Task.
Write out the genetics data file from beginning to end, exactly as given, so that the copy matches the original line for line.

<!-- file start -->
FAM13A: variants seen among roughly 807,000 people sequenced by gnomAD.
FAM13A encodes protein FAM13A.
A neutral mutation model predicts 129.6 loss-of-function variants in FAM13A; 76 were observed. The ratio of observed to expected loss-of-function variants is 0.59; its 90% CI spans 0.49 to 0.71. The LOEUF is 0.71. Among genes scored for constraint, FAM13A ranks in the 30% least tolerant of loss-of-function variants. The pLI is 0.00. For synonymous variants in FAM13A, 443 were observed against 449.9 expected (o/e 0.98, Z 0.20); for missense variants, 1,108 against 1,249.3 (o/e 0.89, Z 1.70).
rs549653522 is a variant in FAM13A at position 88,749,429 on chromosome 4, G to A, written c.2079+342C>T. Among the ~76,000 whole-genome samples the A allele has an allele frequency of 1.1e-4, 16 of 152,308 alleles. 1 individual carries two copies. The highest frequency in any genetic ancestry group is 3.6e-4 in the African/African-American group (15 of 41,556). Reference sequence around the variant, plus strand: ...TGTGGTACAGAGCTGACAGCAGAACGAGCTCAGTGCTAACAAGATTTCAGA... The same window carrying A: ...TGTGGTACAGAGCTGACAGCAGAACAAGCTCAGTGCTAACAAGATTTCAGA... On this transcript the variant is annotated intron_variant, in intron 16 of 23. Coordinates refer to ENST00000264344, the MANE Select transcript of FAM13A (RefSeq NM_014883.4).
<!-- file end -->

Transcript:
FAM13A: variants seen among roughly 807,000 people sequenced by gnomAD.
FAM13A encodes protein FAM13A.
A neutral mutation model predicts 129.6 loss-of-function variants in FAM13A; 76 were observed. The ratio of observed to expected loss-of-function variants is 0.59; its 90% CI spans 0.49 to 0.71. The LOEUF is 0.71. Among genes scored for constraint, FAM13A ranks in the 30% least tolerant of loss-of-function variants. The pLI is 0.00. For synonymous variants in FAM13A, 443 were observed against 449.9 expected (o/e 0.98, Z 0.20); for missense variants, 1,108 against 1,249.3 (o/e 0.89, Z 1.70).
rs549653522 is a variant in FAM13A at position 88,749,429 on chromosome 4, G to A, written c.2079+342C>T. Among the ~76,000 whole-genome samples the A allele has an allele frequency of 1.1e-4, 16 of 152,308 alleles. 1 individual carries two copies. The highest frequency in any genetic ancestry group is 3.6e-4 in the African/African-American group (15 of 41,556). Reference sequence around the variant, plus strand: ...TGTGGTACAGAGCTGACAGCAGAACGAGCTCAGTGCTAACAAGATTTCAGA... The same window carrying A: ...TGTGGTACAGAGCTGACAGCAGAACAAGCTCAGTGCTAACAAGATTTCAGA... On this transcript the variant is annotated intron_variant, in intron 16 of 23. Coordinates refer to ENST00000264344, the MANE Select transcript of FAM13A (RefSeq NM_014883.4).